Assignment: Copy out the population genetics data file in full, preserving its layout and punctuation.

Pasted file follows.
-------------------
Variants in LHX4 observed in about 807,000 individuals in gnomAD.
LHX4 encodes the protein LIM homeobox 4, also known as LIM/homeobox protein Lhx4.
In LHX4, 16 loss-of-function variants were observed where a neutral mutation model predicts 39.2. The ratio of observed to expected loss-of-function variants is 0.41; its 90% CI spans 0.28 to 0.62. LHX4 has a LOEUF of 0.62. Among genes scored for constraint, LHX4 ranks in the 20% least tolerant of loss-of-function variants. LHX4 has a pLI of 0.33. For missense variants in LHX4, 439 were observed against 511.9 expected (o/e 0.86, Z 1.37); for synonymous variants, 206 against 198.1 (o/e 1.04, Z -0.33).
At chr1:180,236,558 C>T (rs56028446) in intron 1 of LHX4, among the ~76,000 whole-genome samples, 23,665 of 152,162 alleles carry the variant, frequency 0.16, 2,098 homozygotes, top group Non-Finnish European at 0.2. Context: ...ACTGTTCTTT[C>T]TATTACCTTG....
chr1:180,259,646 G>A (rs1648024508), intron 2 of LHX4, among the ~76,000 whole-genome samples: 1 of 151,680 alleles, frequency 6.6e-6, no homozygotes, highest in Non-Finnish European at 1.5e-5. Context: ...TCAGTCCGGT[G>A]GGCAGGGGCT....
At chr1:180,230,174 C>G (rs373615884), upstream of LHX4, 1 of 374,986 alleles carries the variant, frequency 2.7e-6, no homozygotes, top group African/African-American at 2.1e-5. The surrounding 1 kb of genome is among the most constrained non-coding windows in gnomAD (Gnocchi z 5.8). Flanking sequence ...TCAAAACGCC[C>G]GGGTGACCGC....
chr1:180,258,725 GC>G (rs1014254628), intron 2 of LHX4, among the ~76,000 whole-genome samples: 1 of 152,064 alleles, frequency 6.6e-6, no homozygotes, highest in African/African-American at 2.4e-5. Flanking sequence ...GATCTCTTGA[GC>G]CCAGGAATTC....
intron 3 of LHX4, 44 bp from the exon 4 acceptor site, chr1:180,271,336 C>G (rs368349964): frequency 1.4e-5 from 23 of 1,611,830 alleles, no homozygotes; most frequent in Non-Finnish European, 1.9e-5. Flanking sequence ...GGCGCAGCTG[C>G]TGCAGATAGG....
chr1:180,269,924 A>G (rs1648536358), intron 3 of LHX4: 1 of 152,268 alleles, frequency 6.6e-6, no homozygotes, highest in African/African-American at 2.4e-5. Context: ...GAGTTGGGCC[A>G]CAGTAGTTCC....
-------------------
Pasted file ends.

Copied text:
Variants in LHX4 observed in about 807,000 individuals in gnomAD.
LHX4 encodes the protein LIM homeobox 4, also known as LIM/homeobox protein Lhx4.
In LHX4, 16 loss-of-function variants were observed where a neutral mutation model predicts 39.2. The ratio of observed to expected loss-of-function variants is 0.41; its 90% CI spans 0.28 to 0.62. LHX4 has a LOEUF of 0.62. Among genes scored for constraint, LHX4 ranks in the 20% least tolerant of loss-of-function variants. LHX4 has a pLI of 0.33. For missense variants in LHX4, 439 were observed against 511.9 expected (o/e 0.86, Z 1.37); for synonymous variants, 206 against 198.1 (o/e 1.04, Z -0.33).
At chr1:180,236,558 C>T (rs56028446) in intron 1 of LHX4, among the ~76,000 whole-genome samples, 23,665 of 152,162 alleles carry the variant, frequency 0.16, 2,098 homozygotes, top group Non-Finnish European at 0.2. Context: ...ACTGTTCTTT[C>T]TATTACCTTG....
chr1:180,259,646 G>A (rs1648024508), intron 2 of LHX4, among the ~76,000 whole-genome samples: 1 of 151,680 alleles, frequency 6.6e-6, no homozygotes, highest in Non-Finnish European at 1.5e-5. Context: ...TCAGTCCGGT[G>A]GGCAGGGGCT....
At chr1:180,230,174 C>G (rs373615884), upstream of LHX4, 1 of 374,986 alleles carries the variant, frequency 2.7e-6, no homozygotes, top group African/African-American at 2.1e-5. The surrounding 1 kb of genome is among the most constrained non-coding windows in gnomAD (Gnocchi z 5.8). Flanking sequence ...TCAAAACGCC[C>G]GGGTGACCGC....
chr1:180,258,725 GC>G (rs1014254628), intron 2 of LHX4, among the ~76,000 whole-genome samples: 1 of 152,064 alleles, frequency 6.6e-6, no homozygotes, highest in African/African-American at 2.4e-5. Flanking sequence ...GATCTCTTGA[GC>G]CCAGGAATTC....
intron 3 of LHX4, 44 bp from the exon 4 acceptor site, chr1:180,271,336 C>G (rs368349964): frequency 1.4e-5 from 23 of 1,611,830 alleles, no homozygotes; most frequent in Non-Finnish European, 1.9e-5. Flanking sequence ...GGCGCAGCTG[C>G]TGCAGATAGG....
chr1:180,269,924 A>G (rs1648536358), intron 3 of LHX4: 1 of 152,268 alleles, frequency 6.6e-6, no homozygotes, highest in African/African-American at 2.4e-5. Context: ...GAGTTGGGCC[A>G]CAGTAGTTCC....